P.L. 104-193 (the 1996 welfare reform legislation) made major changes to the Child Support Enforcement (CSE) program. Some of the changes include requiring states to increase the percentage of fathers identified, establishing an integrated, automated network linking all states to information about the location and assets of parents, and requiring states to implement more enforcement techniques to obtain collections from debtor parents. Additional legislative changes were made in 1997, 1998, and 1999, but not in 2000, 2001, or 2002. This report describes several aspects of the revised CSE program and discusses three issues that probably will be reexamined by the 108th Congress — CSE financing, parental access by noncustodial parents, and distribution of support payments. digital.library.unt.edu/ark:/67531/metadc810435/
Child Support Enforcement: New Reforms and Potential Issues
P.L. 104-193 (the 1996 welfare reform law) made major changes to the Child Support Enforcement (CSE) program. Some of the changes include requiring states to increase the percentage of fathers identified, establishing an integrated, automated network linking all states to information about the location and assets of parents, and requiring states to implement more enforcement techniques to obtain collections from debtor parents. Additional legislative changes were made in 1997, 1998, and 1999, but not in 2000, 2001, 2002, or 2003. This report describes several aspects of the revised CSE program and discusses three issues of concern to the 108th Congress — CSE financing, parental access by noncustodial parents, and distribution of child support payments. digital.library.unt.edu/ark:/67531/metadc817409/
Child Support Enforcement: New Reforms and Potential Issues
P.L. 104-193 (the 1996 welfare reform legislation) made major changes to the Child Support Enforcement (CSE) program. Some of the changes include requiring states to increase the percentage of fathers identified, establishing an integrated, automated network linking all states to information about the location and assets of parents, and requiring states to implement more enforcement techniques to obtain collections from debtor parents. Additional legislative changes were made in 1997, 1998, and 1999, but not in 2000, 2001, or 2002. This report describes several aspects of the revised CSE program and discusses three issues that probably will be reexamined by the 108th Congress — CSE financing, parental access by noncustodial parents, and distribution of support payments. digital.library.unt.edu/ark:/67531/metadc820579/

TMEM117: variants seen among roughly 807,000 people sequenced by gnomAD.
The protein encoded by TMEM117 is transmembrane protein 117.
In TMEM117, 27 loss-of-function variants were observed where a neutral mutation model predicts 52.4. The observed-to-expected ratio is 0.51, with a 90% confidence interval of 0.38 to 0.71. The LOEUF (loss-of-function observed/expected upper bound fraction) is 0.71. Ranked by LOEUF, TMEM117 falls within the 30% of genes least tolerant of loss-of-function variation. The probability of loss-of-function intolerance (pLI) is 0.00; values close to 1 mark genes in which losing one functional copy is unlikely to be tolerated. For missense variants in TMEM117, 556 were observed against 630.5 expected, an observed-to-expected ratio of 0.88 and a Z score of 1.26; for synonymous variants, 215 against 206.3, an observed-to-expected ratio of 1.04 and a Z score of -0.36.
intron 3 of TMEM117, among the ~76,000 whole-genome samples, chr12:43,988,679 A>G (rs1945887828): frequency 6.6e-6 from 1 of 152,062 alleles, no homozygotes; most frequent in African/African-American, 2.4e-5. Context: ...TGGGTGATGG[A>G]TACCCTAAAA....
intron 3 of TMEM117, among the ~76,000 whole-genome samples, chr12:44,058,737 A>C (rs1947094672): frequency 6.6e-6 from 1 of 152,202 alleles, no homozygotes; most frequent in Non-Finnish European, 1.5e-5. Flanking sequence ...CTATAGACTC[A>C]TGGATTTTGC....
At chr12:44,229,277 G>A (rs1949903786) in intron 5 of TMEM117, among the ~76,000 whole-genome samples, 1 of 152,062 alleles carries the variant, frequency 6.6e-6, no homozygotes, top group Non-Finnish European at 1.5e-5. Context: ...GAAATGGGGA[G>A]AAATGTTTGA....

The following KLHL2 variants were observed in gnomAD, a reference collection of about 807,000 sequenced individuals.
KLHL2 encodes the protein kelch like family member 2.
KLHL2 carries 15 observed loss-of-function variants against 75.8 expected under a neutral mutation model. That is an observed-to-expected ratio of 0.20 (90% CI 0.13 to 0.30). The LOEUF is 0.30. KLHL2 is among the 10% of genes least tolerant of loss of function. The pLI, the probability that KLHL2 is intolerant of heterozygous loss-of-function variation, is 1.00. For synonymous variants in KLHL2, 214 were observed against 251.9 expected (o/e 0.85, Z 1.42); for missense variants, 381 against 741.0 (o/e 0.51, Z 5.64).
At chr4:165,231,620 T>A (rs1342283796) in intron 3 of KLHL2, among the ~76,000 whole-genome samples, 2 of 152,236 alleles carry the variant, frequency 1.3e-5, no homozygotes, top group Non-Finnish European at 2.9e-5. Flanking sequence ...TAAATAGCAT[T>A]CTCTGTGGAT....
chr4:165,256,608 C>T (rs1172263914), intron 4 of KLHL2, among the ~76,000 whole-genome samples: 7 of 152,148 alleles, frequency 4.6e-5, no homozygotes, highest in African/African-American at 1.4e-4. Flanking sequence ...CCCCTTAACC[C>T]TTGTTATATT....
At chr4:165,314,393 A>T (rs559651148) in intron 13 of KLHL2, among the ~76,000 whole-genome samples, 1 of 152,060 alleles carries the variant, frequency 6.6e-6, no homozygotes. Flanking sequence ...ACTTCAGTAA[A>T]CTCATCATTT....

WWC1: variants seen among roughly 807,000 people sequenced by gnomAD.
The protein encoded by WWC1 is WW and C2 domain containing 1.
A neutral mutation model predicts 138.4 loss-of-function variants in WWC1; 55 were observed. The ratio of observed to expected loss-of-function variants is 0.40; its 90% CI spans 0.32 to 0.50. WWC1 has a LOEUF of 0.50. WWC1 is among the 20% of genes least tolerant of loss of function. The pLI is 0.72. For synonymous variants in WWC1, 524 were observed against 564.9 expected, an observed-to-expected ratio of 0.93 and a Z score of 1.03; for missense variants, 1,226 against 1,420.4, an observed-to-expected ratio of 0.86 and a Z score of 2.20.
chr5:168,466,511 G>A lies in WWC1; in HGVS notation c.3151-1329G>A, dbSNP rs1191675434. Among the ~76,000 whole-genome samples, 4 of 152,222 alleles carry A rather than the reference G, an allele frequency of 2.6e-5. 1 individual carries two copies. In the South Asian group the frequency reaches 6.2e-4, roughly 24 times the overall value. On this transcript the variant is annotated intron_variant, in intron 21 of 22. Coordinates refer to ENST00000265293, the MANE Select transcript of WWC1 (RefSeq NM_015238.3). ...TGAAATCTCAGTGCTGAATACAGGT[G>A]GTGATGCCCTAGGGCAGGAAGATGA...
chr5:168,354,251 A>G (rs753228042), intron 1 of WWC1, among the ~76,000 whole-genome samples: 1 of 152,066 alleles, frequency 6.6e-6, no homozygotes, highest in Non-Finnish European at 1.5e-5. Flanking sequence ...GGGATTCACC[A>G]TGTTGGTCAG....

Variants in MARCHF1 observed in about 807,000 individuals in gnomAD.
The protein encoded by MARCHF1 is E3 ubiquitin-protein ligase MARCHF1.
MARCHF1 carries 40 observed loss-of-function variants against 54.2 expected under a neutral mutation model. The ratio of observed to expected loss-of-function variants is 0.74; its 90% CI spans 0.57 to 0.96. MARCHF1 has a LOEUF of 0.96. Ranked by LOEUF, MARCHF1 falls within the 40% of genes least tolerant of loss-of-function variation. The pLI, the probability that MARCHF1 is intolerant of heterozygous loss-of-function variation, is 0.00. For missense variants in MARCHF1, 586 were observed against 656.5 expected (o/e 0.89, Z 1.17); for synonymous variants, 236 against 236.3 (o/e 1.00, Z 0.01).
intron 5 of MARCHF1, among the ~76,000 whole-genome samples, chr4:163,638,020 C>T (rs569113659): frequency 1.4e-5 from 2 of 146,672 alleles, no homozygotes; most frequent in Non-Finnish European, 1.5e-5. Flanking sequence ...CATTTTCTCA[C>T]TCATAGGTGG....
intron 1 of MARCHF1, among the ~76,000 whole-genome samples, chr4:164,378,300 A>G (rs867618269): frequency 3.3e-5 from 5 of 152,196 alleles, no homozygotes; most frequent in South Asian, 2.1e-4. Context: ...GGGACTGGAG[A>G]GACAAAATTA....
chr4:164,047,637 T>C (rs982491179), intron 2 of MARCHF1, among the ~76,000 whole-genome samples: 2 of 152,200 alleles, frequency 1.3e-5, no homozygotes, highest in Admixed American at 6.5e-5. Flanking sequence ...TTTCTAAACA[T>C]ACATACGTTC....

Trends in Poverty in the United States
This report discusses trends in poverty in the United States. In 2004, 37 million people were found poor under the official poverty definition — a 1.1 million increase from 2003. The poverty rate, or percent of the population considered poor, increased for the fourth straight year, to 12.7% in 2004 — up from 12.5% in 2003, and 11.3% in 2000, its most recent low. digital.library.unt.edu/ark:/67531/metadc820972/
Child Support Enforcement: New Reforms and Potential Issues
P.L. 104-193 (the 1996 welfare reform legislation) made major changes to the Child Support Enforcement (CSE) program. Some of the changes include requiring states to increase the percentage of fathers identified, establishing an integrated, automated network linking all states to information about the location and assets of parents, and requiring states to implement more enforcement techniques to obtain collections from debtor parents. Additional legislative changes were made in 1997, 1998, and 1999, but not in 2000 or 2001. This report describes several aspects of the revised CSE program and discusses three issues that probably will be reexamined by the 107th Congress — CSE financing, parental access by noncustodial parents, and distribution of support payments. digital.library.unt.edu/ark:/67531/metadc817389/
The ACA Medicaid Expansion